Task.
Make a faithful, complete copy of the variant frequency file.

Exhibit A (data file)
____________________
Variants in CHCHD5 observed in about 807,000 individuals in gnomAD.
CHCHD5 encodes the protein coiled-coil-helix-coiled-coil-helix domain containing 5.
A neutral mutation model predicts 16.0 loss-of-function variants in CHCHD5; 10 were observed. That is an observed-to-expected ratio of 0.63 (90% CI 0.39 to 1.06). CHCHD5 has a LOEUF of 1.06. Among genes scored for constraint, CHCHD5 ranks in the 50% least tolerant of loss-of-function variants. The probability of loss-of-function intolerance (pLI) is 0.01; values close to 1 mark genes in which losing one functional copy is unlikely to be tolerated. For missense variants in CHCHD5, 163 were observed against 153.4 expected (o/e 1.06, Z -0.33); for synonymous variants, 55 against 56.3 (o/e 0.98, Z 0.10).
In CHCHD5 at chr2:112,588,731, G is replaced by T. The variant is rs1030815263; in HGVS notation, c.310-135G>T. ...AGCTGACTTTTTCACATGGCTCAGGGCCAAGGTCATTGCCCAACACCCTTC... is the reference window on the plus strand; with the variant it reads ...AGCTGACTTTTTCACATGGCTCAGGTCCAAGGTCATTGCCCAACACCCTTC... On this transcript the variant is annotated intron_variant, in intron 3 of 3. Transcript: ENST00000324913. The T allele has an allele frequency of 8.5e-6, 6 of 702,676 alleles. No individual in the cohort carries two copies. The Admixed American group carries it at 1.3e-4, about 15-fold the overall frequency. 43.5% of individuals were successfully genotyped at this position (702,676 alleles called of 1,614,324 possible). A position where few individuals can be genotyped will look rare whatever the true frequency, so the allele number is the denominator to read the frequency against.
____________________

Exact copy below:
Variants in CHCHD5 observed in about 807,000 individuals in gnomAD.
CHCHD5 encodes the protein coiled-coil-helix-coiled-coil-helix domain containing 5.
A neutral mutation model predicts 16.0 loss-of-function variants in CHCHD5; 10 were observed. That is an observed-to-expected ratio of 0.63 (90% CI 0.39 to 1.06). CHCHD5 has a LOEUF of 1.06. Among genes scored for constraint, CHCHD5 ranks in the 50% least tolerant of loss-of-function variants. The probability of loss-of-function intolerance (pLI) is 0.01; values close to 1 mark genes in which losing one functional copy is unlikely to be tolerated. For missense variants in CHCHD5, 163 were observed against 153.4 expected (o/e 1.06, Z -0.33); for synonymous variants, 55 against 56.3 (o/e 0.98, Z 0.10).
In CHCHD5 at chr2:112,588,731, G is replaced by T. The variant is rs1030815263; in HGVS notation, c.310-135G>T. ...AGCTGACTTTTTCACATGGCTCAGGGCCAAGGTCATTGCCCAACACCCTTC... is the reference window on the plus strand; with the variant it reads ...AGCTGACTTTTTCACATGGCTCAGGTCCAAGGTCATTGCCCAACACCCTTC... On this transcript the variant is annotated intron_variant, in intron 3 of 3. Transcript: ENST00000324913. The T allele has an allele frequency of 8.5e-6, 6 of 702,676 alleles. No individual in the cohort carries two copies. The Admixed American group carries it at 1.3e-4, about 15-fold the overall frequency. 43.5% of individuals were successfully genotyped at this position (702,676 alleles called of 1,614,324 possible). A position where few individuals can be genotyped will look rare whatever the true frequency, so the allele number is the denominator to read the frequency against.